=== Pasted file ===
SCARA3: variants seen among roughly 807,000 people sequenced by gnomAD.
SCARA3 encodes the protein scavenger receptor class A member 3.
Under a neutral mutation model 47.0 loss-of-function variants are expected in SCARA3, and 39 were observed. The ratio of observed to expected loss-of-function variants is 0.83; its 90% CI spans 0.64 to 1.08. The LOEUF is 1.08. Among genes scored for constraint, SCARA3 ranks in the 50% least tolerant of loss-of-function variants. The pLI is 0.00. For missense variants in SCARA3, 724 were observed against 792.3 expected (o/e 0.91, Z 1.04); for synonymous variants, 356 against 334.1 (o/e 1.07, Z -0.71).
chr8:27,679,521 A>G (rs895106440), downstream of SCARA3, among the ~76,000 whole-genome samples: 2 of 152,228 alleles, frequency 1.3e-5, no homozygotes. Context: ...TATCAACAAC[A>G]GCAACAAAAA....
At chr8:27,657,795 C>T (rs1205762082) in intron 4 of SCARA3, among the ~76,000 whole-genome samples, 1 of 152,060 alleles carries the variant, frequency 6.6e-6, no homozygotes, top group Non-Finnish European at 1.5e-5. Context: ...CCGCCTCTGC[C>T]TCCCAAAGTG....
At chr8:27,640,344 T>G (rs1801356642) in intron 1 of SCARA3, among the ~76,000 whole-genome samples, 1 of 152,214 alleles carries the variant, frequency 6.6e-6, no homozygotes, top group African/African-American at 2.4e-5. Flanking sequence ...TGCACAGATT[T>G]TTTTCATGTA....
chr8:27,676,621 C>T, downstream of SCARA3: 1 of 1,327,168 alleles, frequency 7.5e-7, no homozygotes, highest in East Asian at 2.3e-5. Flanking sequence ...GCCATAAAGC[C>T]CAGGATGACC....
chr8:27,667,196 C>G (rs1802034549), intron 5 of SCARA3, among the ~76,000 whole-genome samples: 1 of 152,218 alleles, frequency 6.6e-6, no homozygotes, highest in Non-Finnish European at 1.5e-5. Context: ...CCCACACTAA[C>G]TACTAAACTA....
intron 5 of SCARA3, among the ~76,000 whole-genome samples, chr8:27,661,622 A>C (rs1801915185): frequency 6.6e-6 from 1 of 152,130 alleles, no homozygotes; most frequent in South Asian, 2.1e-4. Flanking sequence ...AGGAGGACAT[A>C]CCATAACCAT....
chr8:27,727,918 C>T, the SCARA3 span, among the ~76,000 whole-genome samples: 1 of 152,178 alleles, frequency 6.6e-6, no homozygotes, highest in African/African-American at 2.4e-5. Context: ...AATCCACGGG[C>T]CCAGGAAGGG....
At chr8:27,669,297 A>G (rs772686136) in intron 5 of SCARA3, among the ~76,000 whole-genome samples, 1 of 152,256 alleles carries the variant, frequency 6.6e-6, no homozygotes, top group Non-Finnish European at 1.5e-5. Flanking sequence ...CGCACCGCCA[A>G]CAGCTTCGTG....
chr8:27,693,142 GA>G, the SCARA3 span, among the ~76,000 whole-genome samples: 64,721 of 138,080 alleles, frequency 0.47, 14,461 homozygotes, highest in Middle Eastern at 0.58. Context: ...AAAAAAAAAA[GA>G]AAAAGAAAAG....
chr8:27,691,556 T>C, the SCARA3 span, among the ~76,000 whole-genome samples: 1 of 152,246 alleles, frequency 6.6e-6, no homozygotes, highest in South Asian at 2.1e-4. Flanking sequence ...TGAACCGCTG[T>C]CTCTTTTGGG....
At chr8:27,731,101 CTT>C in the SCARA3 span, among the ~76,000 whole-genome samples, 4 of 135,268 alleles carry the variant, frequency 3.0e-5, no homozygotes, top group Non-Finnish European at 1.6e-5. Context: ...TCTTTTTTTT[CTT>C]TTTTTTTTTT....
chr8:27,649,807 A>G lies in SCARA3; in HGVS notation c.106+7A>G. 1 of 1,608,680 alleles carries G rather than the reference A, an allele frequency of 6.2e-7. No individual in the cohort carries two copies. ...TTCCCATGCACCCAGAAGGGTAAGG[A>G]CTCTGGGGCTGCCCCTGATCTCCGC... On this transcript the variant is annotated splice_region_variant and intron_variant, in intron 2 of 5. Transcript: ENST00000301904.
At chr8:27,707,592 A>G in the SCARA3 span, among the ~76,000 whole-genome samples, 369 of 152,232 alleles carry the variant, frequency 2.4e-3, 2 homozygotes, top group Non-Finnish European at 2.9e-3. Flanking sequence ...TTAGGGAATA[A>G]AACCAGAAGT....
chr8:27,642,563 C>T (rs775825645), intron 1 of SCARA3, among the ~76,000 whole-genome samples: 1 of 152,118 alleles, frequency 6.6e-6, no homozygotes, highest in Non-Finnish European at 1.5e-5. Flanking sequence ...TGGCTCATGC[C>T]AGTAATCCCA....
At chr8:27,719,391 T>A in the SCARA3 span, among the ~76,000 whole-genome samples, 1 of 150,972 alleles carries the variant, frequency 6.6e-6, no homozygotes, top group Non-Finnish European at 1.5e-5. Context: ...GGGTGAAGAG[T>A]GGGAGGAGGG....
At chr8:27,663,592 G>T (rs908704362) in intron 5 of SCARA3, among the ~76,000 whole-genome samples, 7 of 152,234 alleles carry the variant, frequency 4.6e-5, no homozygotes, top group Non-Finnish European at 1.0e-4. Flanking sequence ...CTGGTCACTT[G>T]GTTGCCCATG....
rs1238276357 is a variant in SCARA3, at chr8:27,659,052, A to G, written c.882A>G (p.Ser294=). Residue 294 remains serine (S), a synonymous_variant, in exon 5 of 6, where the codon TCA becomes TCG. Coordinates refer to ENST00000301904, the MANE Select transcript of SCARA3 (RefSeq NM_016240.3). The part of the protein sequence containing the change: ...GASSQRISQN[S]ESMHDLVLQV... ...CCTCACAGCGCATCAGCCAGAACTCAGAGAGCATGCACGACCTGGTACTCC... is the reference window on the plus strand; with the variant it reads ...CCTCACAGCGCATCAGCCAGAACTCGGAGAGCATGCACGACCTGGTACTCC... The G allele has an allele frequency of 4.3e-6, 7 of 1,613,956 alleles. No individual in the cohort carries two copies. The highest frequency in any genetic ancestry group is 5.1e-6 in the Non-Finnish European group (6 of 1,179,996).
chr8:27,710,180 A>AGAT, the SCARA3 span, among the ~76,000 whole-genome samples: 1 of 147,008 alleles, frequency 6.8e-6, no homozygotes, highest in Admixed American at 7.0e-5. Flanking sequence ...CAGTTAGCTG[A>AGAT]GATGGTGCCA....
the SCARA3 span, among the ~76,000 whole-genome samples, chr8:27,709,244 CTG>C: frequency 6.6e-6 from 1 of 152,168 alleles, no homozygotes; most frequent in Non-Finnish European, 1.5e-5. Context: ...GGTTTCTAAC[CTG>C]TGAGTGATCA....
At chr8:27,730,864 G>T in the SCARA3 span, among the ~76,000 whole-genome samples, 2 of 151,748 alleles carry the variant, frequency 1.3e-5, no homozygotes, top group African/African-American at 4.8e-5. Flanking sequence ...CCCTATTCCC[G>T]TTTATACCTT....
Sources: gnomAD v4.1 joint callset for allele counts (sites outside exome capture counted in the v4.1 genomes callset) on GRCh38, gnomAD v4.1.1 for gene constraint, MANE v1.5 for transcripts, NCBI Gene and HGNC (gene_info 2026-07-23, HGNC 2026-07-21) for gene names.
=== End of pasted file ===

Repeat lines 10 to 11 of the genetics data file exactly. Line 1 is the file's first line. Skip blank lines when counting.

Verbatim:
chr8:27,727,918 C>T, the SCARA3 span, among the ~76,000 whole-genome samples: 1 of 152,178 alleles, frequency 6.6e-6, no homozygotes, highest in African/African-American at 2.4e-5. Context: ...AATCCACGGG[C>T]CCAGGAAGGG....
At chr8:27,669,297 A>G (rs772686136) in intron 5 of SCARA3, among the ~76,000 whole-genome samples, 1 of 152,256 alleles carries the variant, frequency 6.6e-6, no homozygotes, top group Non-Finnish European at 1.5e-5. Flanking sequence ...CGCACCGCCA[A>G]CAGCTTCGTG....